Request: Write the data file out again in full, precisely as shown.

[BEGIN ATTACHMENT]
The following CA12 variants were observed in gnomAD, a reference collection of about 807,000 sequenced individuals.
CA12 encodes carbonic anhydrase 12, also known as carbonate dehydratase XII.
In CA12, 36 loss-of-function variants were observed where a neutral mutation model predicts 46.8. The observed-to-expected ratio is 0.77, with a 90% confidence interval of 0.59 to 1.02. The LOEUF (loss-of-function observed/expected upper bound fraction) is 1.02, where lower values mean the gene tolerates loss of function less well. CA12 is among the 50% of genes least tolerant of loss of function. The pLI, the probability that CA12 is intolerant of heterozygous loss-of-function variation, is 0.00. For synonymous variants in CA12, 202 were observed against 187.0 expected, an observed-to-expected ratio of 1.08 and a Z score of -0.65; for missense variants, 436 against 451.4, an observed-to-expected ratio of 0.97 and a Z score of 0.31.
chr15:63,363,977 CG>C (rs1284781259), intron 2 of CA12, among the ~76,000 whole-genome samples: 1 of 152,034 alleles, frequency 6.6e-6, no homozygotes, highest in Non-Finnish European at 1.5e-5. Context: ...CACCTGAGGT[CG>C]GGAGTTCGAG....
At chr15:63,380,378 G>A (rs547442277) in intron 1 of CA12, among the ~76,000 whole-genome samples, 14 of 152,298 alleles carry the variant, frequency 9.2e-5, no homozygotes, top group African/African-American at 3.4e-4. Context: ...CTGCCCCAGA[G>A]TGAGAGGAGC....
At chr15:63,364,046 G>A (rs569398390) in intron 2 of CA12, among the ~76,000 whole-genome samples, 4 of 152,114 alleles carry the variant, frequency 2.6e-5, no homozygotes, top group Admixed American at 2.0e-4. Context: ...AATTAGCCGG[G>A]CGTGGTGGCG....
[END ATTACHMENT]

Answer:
The following CA12 variants were observed in gnomAD, a reference collection of about 807,000 sequenced individuals.
CA12 encodes carbonic anhydrase 12, also known as carbonate dehydratase XII.
In CA12, 36 loss-of-function variants were observed where a neutral mutation model predicts 46.8. The observed-to-expected ratio is 0.77, with a 90% confidence interval of 0.59 to 1.02. The LOEUF (loss-of-function observed/expected upper bound fraction) is 1.02, where lower values mean the gene tolerates loss of function less well. CA12 is among the 50% of genes least tolerant of loss of function. The pLI, the probability that CA12 is intolerant of heterozygous loss-of-function variation, is 0.00. For synonymous variants in CA12, 202 were observed against 187.0 expected, an observed-to-expected ratio of 1.08 and a Z score of -0.65; for missense variants, 436 against 451.4, an observed-to-expected ratio of 0.97 and a Z score of 0.31.
chr15:63,363,977 CG>C (rs1284781259), intron 2 of CA12, among the ~76,000 whole-genome samples: 1 of 152,034 alleles, frequency 6.6e-6, no homozygotes, highest in Non-Finnish European at 1.5e-5. Context: ...CACCTGAGGT[CG>C]GGAGTTCGAG....
At chr15:63,380,378 G>A (rs547442277) in intron 1 of CA12, among the ~76,000 whole-genome samples, 14 of 152,298 alleles carry the variant, frequency 9.2e-5, no homozygotes, top group African/African-American at 3.4e-4. Context: ...CTGCCCCAGA[G>A]TGAGAGGAGC....
At chr15:63,364,046 G>A (rs569398390) in intron 2 of CA12, among the ~76,000 whole-genome samples, 4 of 152,114 alleles carry the variant, frequency 2.6e-5, no homozygotes, top group Admixed American at 2.0e-4. Context: ...AATTAGCCGG[G>A]CGTGGTGGCG....